Do your kids find it fun to make up stories about why things are the way they are? Bergen (our almost 5 year old) is always coming up with grand ideas and reasoning about phenomena in our natural world. He’s also particularly interested in trolls. Between the Three Billy Goats Gruff and the enormous troll statue under the Aurora Bridge in Seattle, he’s got plenty of cause to believe that one of these days, he’ll actually manage to catch a real-live troll under one of the many bridges he checks. It’s rare to cross a bridge (over or under) where he doesn’t crouch down and do his inspection, or at least talk about it.
Our friends at Sasquatch Books (hey–there’s even another mythical creature!) are fueling the fire the with publication of a new “Wheedle on the Needle” book. Good Night, Wheedle by Stephen Cosgrove is a sweet little story for the youngest lovers of Seattle and it’s iconic Space Needle.
We actually didn’t know much about the Wheedle, even though the original story was written in 1974, so we headed to our local library to do some research! The Wheedle is a funny looking orange character who lives at the top of the Space Needle. He’s quite fond of sleeping, and when he really gets into a deep snooze, which is a lot of the time, his nose turns on and off. That’s why you see that orange blinking light at the very tippy-top of the Space Needle!
Since making his debut at the top of the needle in the 70’s, the Wheedle has now been joined by an adorable little cat named Noodle. It took him a little while to warm up to this idea, but now the two live happily at the crown of one of world’s most famous landmarks.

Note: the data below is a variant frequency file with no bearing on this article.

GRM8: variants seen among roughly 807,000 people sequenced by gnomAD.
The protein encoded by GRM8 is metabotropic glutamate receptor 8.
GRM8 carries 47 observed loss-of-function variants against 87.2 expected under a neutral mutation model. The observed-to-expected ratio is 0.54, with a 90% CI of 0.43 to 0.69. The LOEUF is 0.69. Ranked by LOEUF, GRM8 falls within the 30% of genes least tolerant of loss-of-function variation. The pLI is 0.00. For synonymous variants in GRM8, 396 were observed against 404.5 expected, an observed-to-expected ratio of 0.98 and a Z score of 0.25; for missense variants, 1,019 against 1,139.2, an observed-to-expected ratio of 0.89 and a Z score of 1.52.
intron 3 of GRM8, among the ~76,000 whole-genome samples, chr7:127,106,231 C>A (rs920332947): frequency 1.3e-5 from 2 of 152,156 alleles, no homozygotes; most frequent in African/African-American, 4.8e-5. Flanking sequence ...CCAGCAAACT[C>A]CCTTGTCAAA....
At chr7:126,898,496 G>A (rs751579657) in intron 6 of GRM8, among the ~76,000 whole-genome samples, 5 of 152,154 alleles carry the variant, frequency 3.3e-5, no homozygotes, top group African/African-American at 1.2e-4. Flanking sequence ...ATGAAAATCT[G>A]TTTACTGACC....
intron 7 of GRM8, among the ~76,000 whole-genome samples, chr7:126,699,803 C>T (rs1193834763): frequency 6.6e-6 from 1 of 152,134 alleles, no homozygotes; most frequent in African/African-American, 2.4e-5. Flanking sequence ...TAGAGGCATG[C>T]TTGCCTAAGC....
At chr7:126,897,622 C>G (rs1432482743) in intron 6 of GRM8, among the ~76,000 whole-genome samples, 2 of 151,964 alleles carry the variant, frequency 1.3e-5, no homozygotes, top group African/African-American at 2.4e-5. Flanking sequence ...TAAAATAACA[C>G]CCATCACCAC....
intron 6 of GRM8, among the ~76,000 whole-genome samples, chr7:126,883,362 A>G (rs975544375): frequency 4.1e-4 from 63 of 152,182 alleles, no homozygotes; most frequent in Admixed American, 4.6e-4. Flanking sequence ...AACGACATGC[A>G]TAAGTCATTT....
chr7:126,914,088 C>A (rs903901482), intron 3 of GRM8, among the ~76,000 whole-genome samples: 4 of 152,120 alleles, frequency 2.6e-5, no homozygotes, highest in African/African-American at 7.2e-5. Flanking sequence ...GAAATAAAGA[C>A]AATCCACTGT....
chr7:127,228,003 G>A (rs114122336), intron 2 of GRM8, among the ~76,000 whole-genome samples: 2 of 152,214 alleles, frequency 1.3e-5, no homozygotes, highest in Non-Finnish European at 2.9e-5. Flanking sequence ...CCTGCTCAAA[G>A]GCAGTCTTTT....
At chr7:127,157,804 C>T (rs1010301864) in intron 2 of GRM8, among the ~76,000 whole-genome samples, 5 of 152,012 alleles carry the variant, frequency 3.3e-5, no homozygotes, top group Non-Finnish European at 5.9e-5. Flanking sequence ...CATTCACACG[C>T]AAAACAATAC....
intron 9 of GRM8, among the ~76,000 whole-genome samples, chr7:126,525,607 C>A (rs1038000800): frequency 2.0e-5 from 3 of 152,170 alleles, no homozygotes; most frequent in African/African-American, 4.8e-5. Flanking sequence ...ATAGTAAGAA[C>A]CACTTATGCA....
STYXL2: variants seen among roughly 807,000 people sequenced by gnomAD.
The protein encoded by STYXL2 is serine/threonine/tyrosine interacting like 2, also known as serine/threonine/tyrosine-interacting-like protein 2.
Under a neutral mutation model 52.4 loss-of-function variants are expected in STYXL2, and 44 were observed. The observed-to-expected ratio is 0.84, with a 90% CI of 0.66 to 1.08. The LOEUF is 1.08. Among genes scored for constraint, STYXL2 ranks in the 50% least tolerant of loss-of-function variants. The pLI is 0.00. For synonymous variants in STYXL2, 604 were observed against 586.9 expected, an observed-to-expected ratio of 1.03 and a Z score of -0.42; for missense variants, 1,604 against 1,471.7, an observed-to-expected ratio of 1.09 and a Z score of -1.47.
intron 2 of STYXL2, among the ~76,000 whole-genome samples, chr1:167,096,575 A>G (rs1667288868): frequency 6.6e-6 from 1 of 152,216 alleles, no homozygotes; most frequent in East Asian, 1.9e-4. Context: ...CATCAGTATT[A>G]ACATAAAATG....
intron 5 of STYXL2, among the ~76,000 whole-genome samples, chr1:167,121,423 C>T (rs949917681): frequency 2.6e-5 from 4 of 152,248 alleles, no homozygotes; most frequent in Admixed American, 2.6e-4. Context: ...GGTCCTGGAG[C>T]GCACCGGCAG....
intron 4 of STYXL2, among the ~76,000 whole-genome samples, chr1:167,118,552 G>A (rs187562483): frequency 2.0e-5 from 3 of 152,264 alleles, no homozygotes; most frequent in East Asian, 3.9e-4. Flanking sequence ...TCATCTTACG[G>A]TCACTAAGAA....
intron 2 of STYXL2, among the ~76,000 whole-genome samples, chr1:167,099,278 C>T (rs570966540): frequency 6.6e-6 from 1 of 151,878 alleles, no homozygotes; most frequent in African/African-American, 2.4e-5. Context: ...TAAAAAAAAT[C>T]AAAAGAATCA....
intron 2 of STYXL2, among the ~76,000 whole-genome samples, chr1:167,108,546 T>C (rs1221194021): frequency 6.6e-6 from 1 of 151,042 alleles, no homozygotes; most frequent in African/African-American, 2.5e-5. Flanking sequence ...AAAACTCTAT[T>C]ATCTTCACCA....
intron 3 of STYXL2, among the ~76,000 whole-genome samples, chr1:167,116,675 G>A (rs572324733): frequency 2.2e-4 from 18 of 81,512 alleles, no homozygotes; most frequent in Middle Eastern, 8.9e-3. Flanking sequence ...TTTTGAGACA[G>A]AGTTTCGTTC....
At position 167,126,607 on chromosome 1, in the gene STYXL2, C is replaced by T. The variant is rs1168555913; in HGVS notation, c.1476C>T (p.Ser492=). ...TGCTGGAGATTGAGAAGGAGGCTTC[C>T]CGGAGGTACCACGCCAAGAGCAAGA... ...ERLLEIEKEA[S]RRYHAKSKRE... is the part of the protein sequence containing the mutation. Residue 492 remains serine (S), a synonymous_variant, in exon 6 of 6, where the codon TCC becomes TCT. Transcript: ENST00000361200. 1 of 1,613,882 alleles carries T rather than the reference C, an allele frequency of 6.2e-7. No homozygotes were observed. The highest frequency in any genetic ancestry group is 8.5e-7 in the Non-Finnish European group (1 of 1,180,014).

The new book, Good Night, Wheedle is in the board book format, and provides a shorter version of the classic story for babies and toddlers to enjoy. As Bergen and I learned, the original story is quite long, so it’s fun to be able to share an adaptation with Georgia since unlike her big brother, she’s not so keen on sitting through an entire picture book.
It’s also a cautionary tale; weaving in a warning to reluctant nappers that they need their sleep or else they’ll be “very, very grumpy, grumbling like a thunderclap”. As parents, even though we are quite blessed in the sleep department, we appreciate the subtle message, and I imagine if (and when) we do have trouble, we could refer to the Wheedle—“Remember what happened to the Wheedle? He had such a terrible time when he didn’t nap!”
You too might find it helpful to know the original story of the Wheedle in order to explain some of his actions in the board book to your kids. For example, he gathered the clouds up on Mount Rainier, his old stomping grounds, in order to sop Seattle in with rain and gloom. That way, none of the loggers would want to whistle–a sound that really bothered him and kept him from getting the good sleep he needed! Who knew a this furry orange creature could cause such a disturbance?!
I hope you’ll check out the Wheedle books. Even though they might sound bizarre, they really are a lot of fun, and a great way to appreciate, and perhaps learn more about, our great city and diverse region.
Info to Know:
- There are currently 3 books in the series written by Stephen Cosgrove and Illustrated by Robin James:
Do you have a favorite mythical creature? We’d love to chat about it in the comments!
Disclosure: Thanks to Sasquatch Books for providing me with a copy of Good Night Wheedle for purposes of review. All opinions expressed here are my own. Affiliate links to our Amazon store are also used. If you purchase the book through our link, we’ll receive a small commission at no extra cost to you. Thanks!
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